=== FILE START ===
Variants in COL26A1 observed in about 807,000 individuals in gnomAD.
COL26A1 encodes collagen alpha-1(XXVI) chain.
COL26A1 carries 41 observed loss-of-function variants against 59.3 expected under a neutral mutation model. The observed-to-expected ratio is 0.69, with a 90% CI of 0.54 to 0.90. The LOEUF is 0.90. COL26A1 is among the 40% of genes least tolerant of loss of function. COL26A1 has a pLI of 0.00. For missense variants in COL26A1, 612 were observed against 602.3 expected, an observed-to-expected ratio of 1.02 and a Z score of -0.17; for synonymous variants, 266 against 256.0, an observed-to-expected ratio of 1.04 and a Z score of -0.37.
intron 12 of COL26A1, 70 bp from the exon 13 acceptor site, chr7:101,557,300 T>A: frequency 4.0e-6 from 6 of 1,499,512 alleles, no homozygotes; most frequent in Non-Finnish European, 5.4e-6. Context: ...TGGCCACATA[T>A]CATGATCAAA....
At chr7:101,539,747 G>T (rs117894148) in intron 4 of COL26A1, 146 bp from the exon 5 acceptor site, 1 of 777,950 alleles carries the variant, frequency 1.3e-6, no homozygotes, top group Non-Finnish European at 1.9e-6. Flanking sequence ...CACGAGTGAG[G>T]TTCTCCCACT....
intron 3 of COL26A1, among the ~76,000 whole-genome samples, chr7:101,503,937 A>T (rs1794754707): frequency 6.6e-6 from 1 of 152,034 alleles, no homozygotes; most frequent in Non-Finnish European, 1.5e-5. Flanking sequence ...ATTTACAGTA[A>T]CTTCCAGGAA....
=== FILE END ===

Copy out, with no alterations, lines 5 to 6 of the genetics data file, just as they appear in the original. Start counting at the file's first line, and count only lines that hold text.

At chr7:101,539,747 G>T (rs117894148) in intron 4 of COL26A1, 146 bp from the exon 5 acceptor site, 1 of 777,950 alleles carries the variant, frequency 1.3e-6, no homozygotes, top group Non-Finnish European at 1.9e-6. Flanking sequence ...CACGAGTGAG[G>T]TTCTCCCACT....
intron 3 of COL26A1, among the ~76,000 whole-genome samples, chr7:101,503,937 A>T (rs1794754707): frequency 6.6e-6 from 1 of 152,034 alleles, no homozygotes; most frequent in Non-Finnish European, 1.5e-5. Flanking sequence ...ATTTACAGTA[A>T]CTTCCAGGAA....